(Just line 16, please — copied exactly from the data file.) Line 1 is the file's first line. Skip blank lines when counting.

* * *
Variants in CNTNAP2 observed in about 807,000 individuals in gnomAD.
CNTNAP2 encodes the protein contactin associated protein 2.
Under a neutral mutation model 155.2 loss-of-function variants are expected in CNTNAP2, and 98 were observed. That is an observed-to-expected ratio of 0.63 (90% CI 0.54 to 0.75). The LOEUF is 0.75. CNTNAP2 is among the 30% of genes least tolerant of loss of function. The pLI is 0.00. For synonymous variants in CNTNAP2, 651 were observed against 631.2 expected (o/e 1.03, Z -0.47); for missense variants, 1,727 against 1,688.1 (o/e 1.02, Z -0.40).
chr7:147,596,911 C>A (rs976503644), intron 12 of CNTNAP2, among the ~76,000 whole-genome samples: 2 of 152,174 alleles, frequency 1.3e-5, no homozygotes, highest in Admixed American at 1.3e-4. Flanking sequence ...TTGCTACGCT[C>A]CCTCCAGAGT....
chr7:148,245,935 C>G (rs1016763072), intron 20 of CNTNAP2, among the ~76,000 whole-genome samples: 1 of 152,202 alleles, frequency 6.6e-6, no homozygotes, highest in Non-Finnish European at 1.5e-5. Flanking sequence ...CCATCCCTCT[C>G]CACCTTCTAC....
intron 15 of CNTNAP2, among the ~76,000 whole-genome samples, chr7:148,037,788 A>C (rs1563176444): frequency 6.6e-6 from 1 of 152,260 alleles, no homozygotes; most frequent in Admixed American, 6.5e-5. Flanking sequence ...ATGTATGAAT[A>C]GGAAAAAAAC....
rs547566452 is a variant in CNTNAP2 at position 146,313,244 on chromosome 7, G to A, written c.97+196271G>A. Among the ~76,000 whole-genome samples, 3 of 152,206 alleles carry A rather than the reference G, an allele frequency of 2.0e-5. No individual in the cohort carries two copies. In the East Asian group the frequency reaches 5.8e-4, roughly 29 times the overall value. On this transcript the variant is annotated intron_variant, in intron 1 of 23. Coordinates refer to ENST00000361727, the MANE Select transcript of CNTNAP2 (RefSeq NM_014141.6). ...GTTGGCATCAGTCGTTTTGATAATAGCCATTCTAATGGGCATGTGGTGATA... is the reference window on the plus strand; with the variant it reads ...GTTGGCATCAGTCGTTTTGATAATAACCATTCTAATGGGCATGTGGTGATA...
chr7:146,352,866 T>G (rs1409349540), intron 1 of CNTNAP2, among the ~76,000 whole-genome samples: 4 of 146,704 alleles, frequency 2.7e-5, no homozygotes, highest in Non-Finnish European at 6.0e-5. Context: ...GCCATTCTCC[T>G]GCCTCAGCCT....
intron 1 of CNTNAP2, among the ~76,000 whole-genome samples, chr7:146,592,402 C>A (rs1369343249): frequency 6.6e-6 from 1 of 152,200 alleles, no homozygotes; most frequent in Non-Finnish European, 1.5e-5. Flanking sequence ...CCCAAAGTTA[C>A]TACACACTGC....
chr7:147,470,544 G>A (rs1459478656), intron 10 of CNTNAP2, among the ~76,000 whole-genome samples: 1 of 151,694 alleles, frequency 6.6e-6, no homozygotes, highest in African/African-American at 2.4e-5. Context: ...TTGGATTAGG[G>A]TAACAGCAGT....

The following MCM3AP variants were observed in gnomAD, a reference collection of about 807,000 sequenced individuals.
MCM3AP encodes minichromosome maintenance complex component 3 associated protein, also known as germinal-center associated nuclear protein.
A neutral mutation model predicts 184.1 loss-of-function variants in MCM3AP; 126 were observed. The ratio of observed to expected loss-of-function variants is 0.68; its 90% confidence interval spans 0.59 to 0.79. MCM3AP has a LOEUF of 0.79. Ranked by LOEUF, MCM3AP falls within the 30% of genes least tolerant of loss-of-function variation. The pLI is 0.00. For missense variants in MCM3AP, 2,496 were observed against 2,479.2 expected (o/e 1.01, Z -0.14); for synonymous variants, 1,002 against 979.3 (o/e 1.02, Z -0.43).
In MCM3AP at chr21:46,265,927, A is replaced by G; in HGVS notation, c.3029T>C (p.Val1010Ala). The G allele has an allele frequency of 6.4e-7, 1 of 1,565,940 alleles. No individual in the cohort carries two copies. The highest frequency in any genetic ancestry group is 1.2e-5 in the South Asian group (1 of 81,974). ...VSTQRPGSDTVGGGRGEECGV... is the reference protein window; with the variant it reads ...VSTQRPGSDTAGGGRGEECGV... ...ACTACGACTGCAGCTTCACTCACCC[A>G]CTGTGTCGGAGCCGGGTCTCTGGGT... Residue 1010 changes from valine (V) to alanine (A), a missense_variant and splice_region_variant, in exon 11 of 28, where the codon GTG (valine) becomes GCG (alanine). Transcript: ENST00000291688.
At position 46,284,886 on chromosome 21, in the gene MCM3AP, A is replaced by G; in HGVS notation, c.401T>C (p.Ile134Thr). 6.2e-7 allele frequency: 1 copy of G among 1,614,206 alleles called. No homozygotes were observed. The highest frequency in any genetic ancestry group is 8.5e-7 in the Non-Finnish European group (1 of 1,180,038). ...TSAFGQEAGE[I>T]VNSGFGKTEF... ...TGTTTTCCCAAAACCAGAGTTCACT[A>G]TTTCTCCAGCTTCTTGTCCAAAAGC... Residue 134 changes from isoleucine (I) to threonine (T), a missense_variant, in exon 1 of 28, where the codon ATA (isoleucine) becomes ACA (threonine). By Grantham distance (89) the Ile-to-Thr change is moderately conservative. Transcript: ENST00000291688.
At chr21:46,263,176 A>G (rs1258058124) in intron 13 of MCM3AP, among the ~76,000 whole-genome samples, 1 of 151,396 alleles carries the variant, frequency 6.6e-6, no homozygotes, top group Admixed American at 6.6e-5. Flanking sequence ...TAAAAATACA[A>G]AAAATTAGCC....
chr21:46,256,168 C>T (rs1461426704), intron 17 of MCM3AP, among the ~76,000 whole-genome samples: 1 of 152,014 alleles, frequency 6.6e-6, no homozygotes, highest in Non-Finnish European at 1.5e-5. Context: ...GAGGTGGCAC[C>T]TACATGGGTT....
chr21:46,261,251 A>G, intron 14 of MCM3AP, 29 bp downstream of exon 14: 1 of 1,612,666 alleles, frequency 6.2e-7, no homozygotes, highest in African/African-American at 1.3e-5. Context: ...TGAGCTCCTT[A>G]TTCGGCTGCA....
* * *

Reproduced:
At chr21:46,263,176 A>G (rs1258058124) in intron 13 of MCM3AP, among the ~76,000 whole-genome samples, 1 of 151,396 alleles carries the variant, frequency 6.6e-6, no homozygotes, top group Admixed American at 6.6e-5. Flanking sequence ...TAAAAATACA[A>G]AAAATTAGCC....